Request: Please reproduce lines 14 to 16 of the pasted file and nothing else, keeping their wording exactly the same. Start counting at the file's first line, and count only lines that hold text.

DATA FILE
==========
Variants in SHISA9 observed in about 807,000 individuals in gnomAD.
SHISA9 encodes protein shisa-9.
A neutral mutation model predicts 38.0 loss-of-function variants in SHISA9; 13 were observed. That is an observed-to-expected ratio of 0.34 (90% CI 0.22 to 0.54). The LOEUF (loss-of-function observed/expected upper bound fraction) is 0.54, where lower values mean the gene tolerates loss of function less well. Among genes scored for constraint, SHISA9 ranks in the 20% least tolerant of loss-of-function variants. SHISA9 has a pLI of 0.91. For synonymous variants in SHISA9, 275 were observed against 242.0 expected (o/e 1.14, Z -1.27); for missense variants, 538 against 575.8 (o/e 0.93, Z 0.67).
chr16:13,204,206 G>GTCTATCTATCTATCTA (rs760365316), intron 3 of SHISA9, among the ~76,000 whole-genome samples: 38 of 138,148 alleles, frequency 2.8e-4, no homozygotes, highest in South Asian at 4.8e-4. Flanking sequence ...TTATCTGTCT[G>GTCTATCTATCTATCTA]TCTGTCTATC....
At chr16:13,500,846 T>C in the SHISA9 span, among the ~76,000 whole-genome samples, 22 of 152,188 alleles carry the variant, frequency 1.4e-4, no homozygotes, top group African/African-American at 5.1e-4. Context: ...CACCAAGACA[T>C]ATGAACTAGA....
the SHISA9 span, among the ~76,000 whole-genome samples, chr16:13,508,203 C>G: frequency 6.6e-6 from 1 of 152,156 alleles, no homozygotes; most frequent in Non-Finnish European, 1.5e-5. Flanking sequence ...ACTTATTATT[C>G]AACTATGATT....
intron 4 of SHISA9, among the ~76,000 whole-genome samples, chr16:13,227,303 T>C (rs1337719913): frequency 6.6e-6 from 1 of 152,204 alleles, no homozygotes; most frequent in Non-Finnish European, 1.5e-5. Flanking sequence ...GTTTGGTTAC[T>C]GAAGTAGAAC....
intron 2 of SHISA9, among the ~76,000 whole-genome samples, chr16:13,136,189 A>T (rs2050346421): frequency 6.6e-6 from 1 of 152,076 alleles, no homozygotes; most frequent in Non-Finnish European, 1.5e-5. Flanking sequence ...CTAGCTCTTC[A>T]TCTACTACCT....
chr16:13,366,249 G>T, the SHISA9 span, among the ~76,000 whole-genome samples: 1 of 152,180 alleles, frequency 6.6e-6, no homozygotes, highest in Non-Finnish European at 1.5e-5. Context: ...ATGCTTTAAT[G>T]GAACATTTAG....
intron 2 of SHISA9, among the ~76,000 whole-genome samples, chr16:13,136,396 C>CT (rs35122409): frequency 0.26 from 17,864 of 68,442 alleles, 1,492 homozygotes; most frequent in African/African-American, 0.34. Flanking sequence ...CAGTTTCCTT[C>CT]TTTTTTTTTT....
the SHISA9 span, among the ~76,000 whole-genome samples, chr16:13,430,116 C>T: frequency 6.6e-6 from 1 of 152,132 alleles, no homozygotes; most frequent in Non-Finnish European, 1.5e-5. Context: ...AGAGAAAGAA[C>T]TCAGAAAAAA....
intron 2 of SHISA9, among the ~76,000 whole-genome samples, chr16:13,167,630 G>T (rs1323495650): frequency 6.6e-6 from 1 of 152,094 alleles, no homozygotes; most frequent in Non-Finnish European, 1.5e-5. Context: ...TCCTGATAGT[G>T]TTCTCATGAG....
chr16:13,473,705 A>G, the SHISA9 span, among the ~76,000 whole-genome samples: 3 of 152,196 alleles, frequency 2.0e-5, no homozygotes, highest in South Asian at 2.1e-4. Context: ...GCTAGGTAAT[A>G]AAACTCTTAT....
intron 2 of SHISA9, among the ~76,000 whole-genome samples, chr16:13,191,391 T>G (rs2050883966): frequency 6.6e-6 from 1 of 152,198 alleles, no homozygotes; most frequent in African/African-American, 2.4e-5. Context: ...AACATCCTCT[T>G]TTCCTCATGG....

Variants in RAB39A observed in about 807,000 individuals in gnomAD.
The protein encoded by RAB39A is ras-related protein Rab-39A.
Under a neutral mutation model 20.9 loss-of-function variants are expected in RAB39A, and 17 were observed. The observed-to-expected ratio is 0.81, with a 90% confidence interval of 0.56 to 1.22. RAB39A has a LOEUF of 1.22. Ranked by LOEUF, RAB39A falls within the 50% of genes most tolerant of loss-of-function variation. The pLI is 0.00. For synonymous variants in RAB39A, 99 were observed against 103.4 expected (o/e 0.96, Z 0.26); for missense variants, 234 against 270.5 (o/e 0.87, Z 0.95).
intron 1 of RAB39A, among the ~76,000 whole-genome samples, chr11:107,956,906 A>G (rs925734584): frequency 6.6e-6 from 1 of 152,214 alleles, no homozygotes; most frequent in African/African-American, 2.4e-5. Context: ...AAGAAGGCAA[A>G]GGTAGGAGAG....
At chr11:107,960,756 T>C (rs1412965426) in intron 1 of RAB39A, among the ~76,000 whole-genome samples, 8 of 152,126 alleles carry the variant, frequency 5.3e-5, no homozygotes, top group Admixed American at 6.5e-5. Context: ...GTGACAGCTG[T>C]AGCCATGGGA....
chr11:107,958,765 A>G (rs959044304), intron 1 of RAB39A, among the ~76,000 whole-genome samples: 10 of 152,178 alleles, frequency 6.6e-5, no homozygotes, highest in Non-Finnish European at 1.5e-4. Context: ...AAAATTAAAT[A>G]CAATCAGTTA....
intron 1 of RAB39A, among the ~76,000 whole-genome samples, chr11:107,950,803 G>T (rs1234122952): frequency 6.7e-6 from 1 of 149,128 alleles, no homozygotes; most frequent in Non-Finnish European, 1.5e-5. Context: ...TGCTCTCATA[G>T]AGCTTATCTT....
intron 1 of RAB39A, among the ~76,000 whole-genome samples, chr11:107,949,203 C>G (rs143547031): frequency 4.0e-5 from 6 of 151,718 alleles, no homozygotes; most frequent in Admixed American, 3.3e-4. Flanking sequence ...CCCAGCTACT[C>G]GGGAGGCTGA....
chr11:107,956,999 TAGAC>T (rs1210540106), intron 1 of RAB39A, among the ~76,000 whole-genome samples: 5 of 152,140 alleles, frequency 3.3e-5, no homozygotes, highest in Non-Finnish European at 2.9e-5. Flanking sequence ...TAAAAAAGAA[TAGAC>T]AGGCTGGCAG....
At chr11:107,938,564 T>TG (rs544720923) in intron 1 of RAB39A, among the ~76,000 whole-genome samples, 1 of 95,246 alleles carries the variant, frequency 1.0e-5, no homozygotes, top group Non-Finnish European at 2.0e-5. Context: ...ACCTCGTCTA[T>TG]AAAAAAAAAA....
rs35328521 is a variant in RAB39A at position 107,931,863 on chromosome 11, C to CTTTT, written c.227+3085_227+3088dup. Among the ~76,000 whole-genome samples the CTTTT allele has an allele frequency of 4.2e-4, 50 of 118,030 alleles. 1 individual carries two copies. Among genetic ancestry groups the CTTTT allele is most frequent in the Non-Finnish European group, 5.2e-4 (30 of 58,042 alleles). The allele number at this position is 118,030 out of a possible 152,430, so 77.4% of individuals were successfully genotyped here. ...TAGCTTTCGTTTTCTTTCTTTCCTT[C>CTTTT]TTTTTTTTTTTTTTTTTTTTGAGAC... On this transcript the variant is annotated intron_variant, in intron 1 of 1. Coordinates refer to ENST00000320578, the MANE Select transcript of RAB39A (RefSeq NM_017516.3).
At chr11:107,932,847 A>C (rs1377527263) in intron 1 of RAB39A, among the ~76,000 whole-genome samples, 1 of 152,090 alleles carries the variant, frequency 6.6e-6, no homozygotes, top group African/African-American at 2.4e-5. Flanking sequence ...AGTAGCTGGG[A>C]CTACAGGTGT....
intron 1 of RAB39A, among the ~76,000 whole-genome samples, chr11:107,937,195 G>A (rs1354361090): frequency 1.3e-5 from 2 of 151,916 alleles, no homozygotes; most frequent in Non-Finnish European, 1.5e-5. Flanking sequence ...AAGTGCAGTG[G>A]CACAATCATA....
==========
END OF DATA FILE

intron 2 of SHISA9, among the ~76,000 whole-genome samples, chr16:13,191,391 T>G (rs2050883966): frequency 6.6e-6 from 1 of 152,198 alleles, no homozygotes; most frequent in African/African-American, 2.4e-5. Context: ...AACATCCTCT[T>G]TTCCTCATGG....

Variants in RAB39A observed in about 807,000 individuals in gnomAD.
The protein encoded by RAB39A is ras-related protein Rab-39A.